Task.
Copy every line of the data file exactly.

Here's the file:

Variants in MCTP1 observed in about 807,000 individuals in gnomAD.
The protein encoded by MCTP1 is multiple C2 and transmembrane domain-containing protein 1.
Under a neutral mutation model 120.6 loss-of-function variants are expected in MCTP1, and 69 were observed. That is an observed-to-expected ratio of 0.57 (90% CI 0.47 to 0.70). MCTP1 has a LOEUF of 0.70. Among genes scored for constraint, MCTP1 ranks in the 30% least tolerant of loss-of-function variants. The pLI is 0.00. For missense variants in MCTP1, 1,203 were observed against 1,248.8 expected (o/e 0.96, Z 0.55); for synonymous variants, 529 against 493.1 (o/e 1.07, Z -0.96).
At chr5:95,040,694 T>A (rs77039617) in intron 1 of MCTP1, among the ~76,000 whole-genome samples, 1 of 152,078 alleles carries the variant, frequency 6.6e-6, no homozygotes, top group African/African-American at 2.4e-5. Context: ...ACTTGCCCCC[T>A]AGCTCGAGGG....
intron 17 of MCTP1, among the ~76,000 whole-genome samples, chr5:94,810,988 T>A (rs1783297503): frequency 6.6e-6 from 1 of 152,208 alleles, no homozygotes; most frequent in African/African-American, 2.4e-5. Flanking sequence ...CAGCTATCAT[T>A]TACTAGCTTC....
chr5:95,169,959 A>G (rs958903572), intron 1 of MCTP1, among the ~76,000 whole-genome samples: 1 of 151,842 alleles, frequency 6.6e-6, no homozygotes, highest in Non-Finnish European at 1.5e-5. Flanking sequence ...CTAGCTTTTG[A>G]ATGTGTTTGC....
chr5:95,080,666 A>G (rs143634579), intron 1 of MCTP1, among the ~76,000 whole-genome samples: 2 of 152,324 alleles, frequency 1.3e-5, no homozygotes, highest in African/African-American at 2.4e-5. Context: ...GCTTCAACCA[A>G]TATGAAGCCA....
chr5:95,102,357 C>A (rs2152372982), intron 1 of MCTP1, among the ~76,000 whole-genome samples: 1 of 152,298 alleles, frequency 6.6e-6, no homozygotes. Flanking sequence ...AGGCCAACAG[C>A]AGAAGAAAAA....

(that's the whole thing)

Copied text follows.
Variants in MCTP1 observed in about 807,000 individuals in gnomAD.
The protein encoded by MCTP1 is multiple C2 and transmembrane domain-containing protein 1.
Under a neutral mutation model 120.6 loss-of-function variants are expected in MCTP1, and 69 were observed. That is an observed-to-expected ratio of 0.57 (90% CI 0.47 to 0.70). MCTP1 has a LOEUF of 0.70. Among genes scored for constraint, MCTP1 ranks in the 30% least tolerant of loss-of-function variants. The pLI is 0.00. For missense variants in MCTP1, 1,203 were observed against 1,248.8 expected (o/e 0.96, Z 0.55); for synonymous variants, 529 against 493.1 (o/e 1.07, Z -0.96).
At chr5:95,040,694 T>A (rs77039617) in intron 1 of MCTP1, among the ~76,000 whole-genome samples, 1 of 152,078 alleles carries the variant, frequency 6.6e-6, no homozygotes, top group African/African-American at 2.4e-5. Context: ...ACTTGCCCCC[T>A]AGCTCGAGGG....
intron 17 of MCTP1, among the ~76,000 whole-genome samples, chr5:94,810,988 T>A (rs1783297503): frequency 6.6e-6 from 1 of 152,208 alleles, no homozygotes; most frequent in African/African-American, 2.4e-5. Flanking sequence ...CAGCTATCAT[T>A]TACTAGCTTC....
chr5:95,169,959 A>G (rs958903572), intron 1 of MCTP1, among the ~76,000 whole-genome samples: 1 of 151,842 alleles, frequency 6.6e-6, no homozygotes, highest in Non-Finnish European at 1.5e-5. Flanking sequence ...CTAGCTTTTG[A>G]ATGTGTTTGC....
chr5:95,080,666 A>G (rs143634579), intron 1 of MCTP1, among the ~76,000 whole-genome samples: 2 of 152,324 alleles, frequency 1.3e-5, no homozygotes, highest in African/African-American at 2.4e-5. Context: ...GCTTCAACCA[A>G]TATGAAGCCA....
chr5:95,102,357 C>A (rs2152372982), intron 1 of MCTP1, among the ~76,000 whole-genome samples: 1 of 152,298 alleles, frequency 6.6e-6, no homozygotes. Flanking sequence ...AGGCCAACAG[C>A]AGAAGAAAAA....